KUALA LUMPUR (Feb 24): The government has proposed to allocate RM80 million for the palm oil industry to improve its sustainability practices, and counter the anti-palm oil campaign movement, said Prime Minister Datuk Seri Anwar Ibrahim.
Anwar, who is also the finance minister, said the government is opposed to activities of the anti-palm oil movement, spearheaded by international non-governmental organisations (NGOs).
“Thailand will also join forces with Malaysia and Indonesia to fight the anti-palm oil campaigners. This is a new development because previously, only Malaysia and Indonesia worked together (in this effort),” he said in the Revised Budget 2023 tabled in Parliament on Friday (Feb 24).
Malaysia and Indonesia, which together account for 80% of the world’s palm oil production, have been at loggerheads with the international NGOs and the European Union (EU) over palm oil production practices due to concerns over deforestation.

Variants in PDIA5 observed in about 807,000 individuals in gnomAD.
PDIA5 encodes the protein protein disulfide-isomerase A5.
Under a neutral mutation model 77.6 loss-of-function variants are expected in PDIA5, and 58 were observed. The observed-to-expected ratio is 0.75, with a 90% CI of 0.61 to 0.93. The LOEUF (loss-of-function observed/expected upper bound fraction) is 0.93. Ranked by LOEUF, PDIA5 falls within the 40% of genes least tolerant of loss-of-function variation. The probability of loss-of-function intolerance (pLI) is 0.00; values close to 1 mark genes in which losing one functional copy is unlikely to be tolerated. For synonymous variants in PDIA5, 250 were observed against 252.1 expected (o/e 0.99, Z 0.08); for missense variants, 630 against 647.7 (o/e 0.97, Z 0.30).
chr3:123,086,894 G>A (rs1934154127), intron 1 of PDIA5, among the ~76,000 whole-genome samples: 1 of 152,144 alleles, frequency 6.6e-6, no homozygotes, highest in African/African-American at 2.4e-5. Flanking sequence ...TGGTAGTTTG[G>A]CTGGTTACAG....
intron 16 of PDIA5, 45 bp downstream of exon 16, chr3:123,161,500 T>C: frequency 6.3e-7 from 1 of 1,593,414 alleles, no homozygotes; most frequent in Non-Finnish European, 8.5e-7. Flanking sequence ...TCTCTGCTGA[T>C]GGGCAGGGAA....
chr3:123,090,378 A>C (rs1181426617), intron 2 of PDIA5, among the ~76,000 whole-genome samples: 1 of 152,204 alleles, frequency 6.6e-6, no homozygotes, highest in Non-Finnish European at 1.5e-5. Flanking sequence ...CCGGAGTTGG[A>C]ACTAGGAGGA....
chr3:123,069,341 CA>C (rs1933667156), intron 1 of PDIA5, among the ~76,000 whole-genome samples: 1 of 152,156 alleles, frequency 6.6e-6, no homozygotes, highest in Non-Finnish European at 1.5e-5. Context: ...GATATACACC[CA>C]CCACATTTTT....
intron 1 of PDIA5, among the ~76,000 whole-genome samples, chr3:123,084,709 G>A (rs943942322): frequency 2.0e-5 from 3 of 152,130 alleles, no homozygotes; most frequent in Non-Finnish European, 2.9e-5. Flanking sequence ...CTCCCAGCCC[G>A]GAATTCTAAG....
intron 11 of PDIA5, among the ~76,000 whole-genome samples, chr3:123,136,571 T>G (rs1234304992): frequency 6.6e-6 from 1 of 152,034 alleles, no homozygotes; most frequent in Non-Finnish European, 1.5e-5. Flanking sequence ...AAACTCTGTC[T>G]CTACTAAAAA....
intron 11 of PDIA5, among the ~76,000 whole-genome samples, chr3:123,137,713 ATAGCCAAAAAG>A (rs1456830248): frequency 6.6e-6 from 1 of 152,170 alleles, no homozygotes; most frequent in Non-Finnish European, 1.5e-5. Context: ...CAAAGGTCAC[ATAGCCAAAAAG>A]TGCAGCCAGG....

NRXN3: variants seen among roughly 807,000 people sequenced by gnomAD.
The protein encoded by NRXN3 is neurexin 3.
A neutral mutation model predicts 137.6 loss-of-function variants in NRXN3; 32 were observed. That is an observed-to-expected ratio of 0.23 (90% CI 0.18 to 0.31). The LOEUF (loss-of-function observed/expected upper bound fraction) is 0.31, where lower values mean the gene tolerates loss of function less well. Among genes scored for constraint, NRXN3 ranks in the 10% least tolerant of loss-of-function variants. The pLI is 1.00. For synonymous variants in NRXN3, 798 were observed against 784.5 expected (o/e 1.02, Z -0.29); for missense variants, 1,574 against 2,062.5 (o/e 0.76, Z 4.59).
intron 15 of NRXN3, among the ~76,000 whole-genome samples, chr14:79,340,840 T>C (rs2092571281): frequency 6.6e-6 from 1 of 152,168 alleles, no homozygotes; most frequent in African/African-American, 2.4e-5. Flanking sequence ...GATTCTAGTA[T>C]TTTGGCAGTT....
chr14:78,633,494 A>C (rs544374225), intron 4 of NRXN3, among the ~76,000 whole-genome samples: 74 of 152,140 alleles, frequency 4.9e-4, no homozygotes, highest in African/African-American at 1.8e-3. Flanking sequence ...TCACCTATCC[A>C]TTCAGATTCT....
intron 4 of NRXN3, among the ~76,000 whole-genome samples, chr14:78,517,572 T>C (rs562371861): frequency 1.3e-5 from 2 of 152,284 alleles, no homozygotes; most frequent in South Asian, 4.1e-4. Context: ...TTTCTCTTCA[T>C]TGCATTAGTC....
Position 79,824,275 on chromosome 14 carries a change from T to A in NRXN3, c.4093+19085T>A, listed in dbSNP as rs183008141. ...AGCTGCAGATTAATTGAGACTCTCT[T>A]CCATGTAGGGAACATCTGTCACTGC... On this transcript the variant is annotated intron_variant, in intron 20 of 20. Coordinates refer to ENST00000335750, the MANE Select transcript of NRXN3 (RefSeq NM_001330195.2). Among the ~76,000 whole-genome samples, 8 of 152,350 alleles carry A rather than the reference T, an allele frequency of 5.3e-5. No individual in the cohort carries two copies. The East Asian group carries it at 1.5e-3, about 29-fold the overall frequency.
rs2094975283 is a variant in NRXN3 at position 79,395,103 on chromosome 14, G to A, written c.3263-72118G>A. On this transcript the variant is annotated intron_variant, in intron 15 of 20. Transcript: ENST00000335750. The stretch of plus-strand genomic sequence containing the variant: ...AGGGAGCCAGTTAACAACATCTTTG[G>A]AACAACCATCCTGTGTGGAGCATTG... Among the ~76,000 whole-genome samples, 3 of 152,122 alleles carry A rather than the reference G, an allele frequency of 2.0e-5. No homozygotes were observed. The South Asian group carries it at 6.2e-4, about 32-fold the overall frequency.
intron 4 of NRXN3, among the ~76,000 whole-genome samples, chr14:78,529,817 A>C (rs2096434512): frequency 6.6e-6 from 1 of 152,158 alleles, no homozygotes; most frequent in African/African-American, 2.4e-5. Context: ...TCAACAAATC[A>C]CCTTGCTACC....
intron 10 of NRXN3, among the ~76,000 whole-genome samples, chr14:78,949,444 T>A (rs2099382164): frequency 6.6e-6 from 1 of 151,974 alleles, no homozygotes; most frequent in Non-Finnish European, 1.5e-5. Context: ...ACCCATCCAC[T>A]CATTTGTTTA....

Malaysian palm oil agencies have criticised international NGOs such as Greenpeace and Friends of the Earth over their claims that were allegedly motivated by politics and trade, rather than genuine concern for environmental conservation.
On Jan 12, Deputy Prime Minister and Minister of Plantation and Commodities Datuk Seri Fadillah Yusof said the government may consider halting the export of palm oil to the EU, in retaliation to the trade bloc’s new deforestation regulations.
He said this is one of the options Malaysians would consider to deal with the EU’s negative palm oil campaign that has been turned up a notch in recent years.
During Anwar’s first official visit to Indonesia after taking office as Malaysia’s 10th prime minister, Indonesian President Joko Widodo and Anwar agreed to work together to counter the “discrimination” against palm oil.
Europe is the third largest importer of Malaysian palm oil, accounting for 9.4% of total exports in 2022.
The palm oil industry makes up about 5% of Malaysia’s economy.
In his budget speech, Anwar also announced an allocation of RM50 million in grants for the promotion of automation in the plantation sector through the use of robotics and artificial intelligence.
He also applauded Sime Darby Plantation Bhd, which employed mostly locals, saying Malaysians are willing to work in the plantation if they are paid at least RM3,000 per month and the working environment encourages the use of mechanisation and automation.
Get our comprehensive coverage of the revised Budget 2023 here.